People lost hope, love and trust in the Bosnian war. For many, the war did not stop. Because if you didn’t get your job back, if your house is destroyed, if you lost family, if you lost trust in your neighbours, if you lost those years, then the war is still not over.
People think, “I’ve had enough suffering and I want to enjoy this short life.” A lot of people use drugs and alcohol just to relax and to forget. People here measure time as “before the war” and “after the war”. They talk about it like it’s today even though it started over 25 years ago. Every holiday is remembering what “they” did to us. There is little forgiveness.
You might struggle if you stayed where you were, so you move to live among people in your own ethnic group. Cities that were once a mix of ethnic groups are now mainly one major ethnic group. Before the war, we would get along, despite our differences. Now we are divided by religion, by politics, by different ideas of how the country should function.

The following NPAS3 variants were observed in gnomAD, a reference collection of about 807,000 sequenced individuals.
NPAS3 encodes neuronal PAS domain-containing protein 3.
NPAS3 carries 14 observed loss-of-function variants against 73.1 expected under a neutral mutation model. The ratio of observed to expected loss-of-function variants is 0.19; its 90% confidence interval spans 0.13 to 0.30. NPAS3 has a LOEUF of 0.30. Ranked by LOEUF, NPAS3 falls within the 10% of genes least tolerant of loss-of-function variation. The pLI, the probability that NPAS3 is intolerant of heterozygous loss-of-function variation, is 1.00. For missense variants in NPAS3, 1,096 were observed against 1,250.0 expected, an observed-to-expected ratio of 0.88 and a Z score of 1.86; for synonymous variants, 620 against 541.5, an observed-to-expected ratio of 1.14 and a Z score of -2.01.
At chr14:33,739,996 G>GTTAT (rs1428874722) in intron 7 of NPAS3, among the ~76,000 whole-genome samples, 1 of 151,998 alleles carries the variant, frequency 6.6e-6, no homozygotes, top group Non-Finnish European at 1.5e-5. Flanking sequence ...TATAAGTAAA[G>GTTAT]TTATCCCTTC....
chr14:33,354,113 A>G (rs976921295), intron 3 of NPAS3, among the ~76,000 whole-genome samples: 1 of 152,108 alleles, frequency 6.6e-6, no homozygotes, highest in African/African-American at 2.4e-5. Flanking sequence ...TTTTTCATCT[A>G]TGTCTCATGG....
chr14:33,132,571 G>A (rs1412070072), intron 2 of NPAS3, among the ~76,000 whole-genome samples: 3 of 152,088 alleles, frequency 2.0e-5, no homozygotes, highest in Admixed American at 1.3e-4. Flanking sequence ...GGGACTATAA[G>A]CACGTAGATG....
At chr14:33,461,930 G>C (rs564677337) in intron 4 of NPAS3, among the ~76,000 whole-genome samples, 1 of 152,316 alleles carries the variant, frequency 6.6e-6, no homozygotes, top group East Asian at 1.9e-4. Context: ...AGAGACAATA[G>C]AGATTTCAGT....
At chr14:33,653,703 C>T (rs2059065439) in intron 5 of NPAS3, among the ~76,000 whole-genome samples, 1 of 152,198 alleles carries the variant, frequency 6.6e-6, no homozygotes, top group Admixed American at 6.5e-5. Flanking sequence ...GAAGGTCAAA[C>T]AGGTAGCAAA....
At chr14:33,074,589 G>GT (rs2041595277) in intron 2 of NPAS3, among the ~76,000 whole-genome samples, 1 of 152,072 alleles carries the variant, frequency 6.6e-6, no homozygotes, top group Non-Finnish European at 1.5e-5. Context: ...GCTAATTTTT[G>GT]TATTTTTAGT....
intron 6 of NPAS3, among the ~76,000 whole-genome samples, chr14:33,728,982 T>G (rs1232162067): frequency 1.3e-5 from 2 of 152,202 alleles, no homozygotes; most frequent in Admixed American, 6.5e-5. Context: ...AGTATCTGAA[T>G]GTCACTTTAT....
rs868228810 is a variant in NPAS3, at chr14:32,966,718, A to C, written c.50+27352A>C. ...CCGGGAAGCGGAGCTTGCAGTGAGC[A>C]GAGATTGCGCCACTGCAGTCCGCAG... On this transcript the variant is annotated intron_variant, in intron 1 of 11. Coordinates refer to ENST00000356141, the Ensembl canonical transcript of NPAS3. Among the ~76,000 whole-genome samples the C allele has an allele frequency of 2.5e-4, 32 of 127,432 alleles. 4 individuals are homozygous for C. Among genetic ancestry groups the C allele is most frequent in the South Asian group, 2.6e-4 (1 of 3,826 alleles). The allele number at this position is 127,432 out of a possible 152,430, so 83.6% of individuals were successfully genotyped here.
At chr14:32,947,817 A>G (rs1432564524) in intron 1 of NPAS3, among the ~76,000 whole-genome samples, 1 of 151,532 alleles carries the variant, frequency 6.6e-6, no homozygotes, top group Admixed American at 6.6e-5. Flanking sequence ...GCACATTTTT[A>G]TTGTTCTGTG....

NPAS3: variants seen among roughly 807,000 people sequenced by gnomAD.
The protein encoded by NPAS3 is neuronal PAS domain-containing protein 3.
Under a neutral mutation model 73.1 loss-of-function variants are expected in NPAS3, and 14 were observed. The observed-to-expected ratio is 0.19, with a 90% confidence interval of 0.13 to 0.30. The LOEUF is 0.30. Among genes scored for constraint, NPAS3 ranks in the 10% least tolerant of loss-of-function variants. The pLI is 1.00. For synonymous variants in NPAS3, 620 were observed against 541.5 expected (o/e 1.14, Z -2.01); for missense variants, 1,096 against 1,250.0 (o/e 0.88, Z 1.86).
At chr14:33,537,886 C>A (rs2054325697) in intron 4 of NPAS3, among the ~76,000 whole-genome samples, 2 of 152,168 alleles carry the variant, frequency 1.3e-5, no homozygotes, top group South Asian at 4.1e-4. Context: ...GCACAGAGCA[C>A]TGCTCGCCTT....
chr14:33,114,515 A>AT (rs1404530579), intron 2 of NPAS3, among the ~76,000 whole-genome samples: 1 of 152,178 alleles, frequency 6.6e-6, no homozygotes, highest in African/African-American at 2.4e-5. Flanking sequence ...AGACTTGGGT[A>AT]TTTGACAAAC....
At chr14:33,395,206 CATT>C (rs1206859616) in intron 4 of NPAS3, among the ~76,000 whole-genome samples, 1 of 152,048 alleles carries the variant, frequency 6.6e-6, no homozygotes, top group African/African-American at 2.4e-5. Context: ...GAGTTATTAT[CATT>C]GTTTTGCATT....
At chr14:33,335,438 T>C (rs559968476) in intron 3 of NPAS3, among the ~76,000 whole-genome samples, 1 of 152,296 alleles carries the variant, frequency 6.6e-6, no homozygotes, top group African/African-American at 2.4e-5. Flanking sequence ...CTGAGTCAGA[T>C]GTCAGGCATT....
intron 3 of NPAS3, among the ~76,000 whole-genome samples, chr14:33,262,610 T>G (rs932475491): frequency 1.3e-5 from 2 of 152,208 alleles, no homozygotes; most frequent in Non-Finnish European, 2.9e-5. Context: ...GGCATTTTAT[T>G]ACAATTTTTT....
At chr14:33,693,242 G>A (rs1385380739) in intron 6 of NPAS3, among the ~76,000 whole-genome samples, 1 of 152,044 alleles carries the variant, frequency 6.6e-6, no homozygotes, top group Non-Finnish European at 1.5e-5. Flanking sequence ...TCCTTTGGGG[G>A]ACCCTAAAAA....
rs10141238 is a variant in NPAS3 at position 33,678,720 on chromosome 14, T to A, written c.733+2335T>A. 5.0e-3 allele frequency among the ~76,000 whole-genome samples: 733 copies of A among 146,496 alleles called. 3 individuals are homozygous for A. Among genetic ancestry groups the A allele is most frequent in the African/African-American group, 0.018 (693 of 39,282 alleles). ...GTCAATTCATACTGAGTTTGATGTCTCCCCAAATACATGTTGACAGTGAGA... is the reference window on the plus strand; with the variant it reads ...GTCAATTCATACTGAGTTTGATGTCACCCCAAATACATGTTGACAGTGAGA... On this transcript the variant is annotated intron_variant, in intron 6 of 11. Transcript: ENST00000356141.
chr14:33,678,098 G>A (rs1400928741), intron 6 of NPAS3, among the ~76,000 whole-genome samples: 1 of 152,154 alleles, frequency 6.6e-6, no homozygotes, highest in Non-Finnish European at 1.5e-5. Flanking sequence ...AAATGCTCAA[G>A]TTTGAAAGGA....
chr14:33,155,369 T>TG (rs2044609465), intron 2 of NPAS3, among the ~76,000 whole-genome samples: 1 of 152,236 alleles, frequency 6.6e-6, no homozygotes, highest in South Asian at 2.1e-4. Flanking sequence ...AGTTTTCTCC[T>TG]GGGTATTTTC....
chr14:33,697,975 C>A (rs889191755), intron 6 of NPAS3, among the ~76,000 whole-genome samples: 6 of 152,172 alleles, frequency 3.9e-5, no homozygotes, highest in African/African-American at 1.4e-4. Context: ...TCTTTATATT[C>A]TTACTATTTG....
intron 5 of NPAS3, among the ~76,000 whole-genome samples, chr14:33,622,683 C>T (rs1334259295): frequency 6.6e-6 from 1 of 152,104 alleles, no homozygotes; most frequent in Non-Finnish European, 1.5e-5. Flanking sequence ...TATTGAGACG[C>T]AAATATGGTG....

In many ways, life in Bosnia-Herzegovina is beautiful. We could export happiness! Even when you go to Glamoc where everyone is poor, they encourage you because they’re full of joy. We are a hard-working people, but the system is broken. This country doesn’t have a hope unless we reconcile with God. My hope for revival is the only reason I stay here.
Dalibor, the manager of Mission Without Borders in Bosnia-Herzegovina since 2009
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